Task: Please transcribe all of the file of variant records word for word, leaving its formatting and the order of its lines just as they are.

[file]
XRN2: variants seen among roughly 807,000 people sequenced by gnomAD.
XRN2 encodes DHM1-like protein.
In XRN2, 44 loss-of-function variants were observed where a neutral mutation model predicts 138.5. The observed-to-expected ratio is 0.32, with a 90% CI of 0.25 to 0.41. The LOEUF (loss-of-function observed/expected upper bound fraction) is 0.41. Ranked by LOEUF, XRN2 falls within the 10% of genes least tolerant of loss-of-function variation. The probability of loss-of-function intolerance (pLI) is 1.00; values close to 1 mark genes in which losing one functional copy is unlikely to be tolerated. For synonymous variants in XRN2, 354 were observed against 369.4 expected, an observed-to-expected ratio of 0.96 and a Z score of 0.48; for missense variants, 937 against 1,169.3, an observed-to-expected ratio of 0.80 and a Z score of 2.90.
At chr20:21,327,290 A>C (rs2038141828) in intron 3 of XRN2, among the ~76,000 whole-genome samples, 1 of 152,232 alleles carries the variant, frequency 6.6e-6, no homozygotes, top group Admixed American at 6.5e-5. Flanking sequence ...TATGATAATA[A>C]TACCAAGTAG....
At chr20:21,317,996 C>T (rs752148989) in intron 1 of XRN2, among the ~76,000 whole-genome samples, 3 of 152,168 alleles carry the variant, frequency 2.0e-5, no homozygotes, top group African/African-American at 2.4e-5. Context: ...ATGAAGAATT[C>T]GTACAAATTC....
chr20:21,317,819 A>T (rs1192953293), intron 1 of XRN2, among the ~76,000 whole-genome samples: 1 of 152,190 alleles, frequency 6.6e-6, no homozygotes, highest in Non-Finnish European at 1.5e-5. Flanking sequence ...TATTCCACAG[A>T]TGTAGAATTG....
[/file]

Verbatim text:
XRN2: variants seen among roughly 807,000 people sequenced by gnomAD.
XRN2 encodes DHM1-like protein.
In XRN2, 44 loss-of-function variants were observed where a neutral mutation model predicts 138.5. The observed-to-expected ratio is 0.32, with a 90% CI of 0.25 to 0.41. The LOEUF (loss-of-function observed/expected upper bound fraction) is 0.41. Ranked by LOEUF, XRN2 falls within the 10% of genes least tolerant of loss-of-function variation. The probability of loss-of-function intolerance (pLI) is 1.00; values close to 1 mark genes in which losing one functional copy is unlikely to be tolerated. For synonymous variants in XRN2, 354 were observed against 369.4 expected, an observed-to-expected ratio of 0.96 and a Z score of 0.48; for missense variants, 937 against 1,169.3, an observed-to-expected ratio of 0.80 and a Z score of 2.90.
At chr20:21,327,290 A>C (rs2038141828) in intron 3 of XRN2, among the ~76,000 whole-genome samples, 1 of 152,232 alleles carries the variant, frequency 6.6e-6, no homozygotes, top group Admixed American at 6.5e-5. Flanking sequence ...TATGATAATA[A>C]TACCAAGTAG....
At chr20:21,317,996 C>T (rs752148989) in intron 1 of XRN2, among the ~76,000 whole-genome samples, 3 of 152,168 alleles carry the variant, frequency 2.0e-5, no homozygotes, top group African/African-American at 2.4e-5. Context: ...ATGAAGAATT[C>T]GTACAAATTC....
chr20:21,317,819 A>T (rs1192953293), intron 1 of XRN2, among the ~76,000 whole-genome samples: 1 of 152,190 alleles, frequency 6.6e-6, no homozygotes, highest in Non-Finnish European at 1.5e-5. Flanking sequence ...TATTCCACAG[A>T]TGTAGAATTG....